- Adding the Zoom Scheduler to my calendar. Because 99.9% of my meetings are virtual, they all require a meeting room link. This annoying-to-configure extension puts a giant, handy "Make it a Zoom meeting" button on my draft calendar invites.
Effective remote communication requires intentionality. By adopting the practices in this guide, picking and choosing what works for your team, it's possible to establish the foundation of trust and communication framework that enable remote teams to flourish. The resulting communication will rival that of a collocated team, and will be inherently better for context-sharing and information discoverability.
Joseph Arquillo doesn’t work in Human Resources — he works in People Operations. And the distinction matters.
“It was named ‘human resources’ because it saw humans as resources, utilized for certain tasks or behaviors. But that’s not really what it’s about,” says Joseph, who is a Senior Manager of People Ops at Clyde.
“Calling it ‘people ops’ adds back what you lose with ‘HR.’ My philosophy is that I am there to support you. I am there to work with you, empower you, and enable you so you can be your best self.”
For Joseph, a key element of helping employees become their best selves is making sure that the workplace, whether in-person or virtual, is an inclusive space for all. That doesn’t happen by accident — it requires a dedicated DEIB strategy and leaders who are committed to asking hard questions of themselves and others.
We sat down with Joseph to hear more about his professional journey, and the practices of leaders who create environments where everyone feels included.
More Than Just a Number
As a college freshman, Joseph planned on sticking with liberal arts when it came to choosing a major. But then he took a class in Boston College’s School of Education, and loved its holistic approach to applied psychology.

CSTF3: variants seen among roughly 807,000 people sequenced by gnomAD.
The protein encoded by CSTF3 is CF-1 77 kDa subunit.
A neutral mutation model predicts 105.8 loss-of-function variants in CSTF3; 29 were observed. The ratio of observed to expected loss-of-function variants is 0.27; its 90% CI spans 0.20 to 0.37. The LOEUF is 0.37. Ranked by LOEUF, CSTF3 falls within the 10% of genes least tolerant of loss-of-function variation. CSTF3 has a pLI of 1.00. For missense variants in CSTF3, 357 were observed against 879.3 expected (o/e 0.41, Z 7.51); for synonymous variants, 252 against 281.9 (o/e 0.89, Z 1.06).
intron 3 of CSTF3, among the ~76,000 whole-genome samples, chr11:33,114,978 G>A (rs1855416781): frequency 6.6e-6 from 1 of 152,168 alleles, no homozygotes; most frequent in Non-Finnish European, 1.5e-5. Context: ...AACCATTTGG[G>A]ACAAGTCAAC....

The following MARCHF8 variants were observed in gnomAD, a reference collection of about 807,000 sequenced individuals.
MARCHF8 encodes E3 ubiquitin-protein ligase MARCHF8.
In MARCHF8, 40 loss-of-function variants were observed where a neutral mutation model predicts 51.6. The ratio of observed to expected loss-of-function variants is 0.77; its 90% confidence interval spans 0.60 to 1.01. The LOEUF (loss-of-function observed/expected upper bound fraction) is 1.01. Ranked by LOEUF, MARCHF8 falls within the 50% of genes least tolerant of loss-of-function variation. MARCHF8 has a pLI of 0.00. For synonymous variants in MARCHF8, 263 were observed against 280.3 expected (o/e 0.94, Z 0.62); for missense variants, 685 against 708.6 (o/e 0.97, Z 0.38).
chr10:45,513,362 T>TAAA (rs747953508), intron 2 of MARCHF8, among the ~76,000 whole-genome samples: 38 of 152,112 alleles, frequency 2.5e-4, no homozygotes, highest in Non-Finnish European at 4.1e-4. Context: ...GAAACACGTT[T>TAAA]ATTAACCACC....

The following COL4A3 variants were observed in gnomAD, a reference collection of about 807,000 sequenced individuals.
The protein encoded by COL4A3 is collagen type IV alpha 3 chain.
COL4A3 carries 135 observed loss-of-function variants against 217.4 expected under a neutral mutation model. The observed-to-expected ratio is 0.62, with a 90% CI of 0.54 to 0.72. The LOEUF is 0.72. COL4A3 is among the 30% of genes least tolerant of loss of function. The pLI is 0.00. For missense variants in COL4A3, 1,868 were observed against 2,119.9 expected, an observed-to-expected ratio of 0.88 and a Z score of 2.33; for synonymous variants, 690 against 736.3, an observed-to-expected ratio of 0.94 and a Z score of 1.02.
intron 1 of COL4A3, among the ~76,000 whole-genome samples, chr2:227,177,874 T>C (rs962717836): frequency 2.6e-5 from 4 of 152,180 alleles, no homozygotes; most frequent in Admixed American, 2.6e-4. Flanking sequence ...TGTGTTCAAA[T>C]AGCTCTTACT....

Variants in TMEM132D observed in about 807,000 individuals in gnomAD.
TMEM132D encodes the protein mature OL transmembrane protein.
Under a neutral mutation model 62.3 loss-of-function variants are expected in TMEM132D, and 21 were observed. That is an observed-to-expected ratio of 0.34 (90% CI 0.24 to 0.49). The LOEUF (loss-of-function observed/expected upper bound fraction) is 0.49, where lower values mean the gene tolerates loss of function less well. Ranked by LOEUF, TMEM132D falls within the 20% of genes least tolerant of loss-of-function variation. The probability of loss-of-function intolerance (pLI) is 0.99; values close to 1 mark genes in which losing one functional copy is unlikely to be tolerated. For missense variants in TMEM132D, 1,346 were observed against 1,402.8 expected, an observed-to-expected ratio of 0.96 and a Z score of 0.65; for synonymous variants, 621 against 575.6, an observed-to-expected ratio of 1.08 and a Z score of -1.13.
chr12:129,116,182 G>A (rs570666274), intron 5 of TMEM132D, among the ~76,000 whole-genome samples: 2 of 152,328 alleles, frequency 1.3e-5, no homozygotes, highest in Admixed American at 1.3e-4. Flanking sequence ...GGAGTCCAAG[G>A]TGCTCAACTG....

This inspired him to switch his major to psychology and human development, and select minors in political science, and management and leadership, where he enjoyed learning about organizational psychology.
After graduation, he explored the consulting space to put theory into practice, but found out during an internship at a multinational consulting firm that finance or accounting weren’t the places he wanted to build his career.
“Since Big Four companies have 250,000 employees, you become just a number,” he says of the experience. “It wasn’t my cup of tea. Too corporatized.”
That kicked off Joseph’s interest in startups.
“It’s always fun to get in the weeds! One thing that’s very interesting to me is a challenge,” he says. “When you’re helping a company like Clyde grow and scale, joining when they’re at a Series B and helping them get to the next level, you really get to focus on the interaction between people, process, and product,” explains Joseph. “You need to hire the right people to work towards increasing efficiencies in all areas, but also make sure that we’re enabling them to create a strong product.”
6 Keys To Building Inclusive Spaces as a Leader
Across the different industries and companies that Joseph has worked in, he’s identified the behaviors that create truly inclusive environments — as well as those that discourage them.
Here’s what he’s seen:
- First, recognize your own privilege. “If you’re a man, you have privilege, even if you’re a gay male. If you are a white woman, you have racial privilege. It’s really important that you’re cognizant while you interact with somebody how they might interpret the interaction based on your identity.”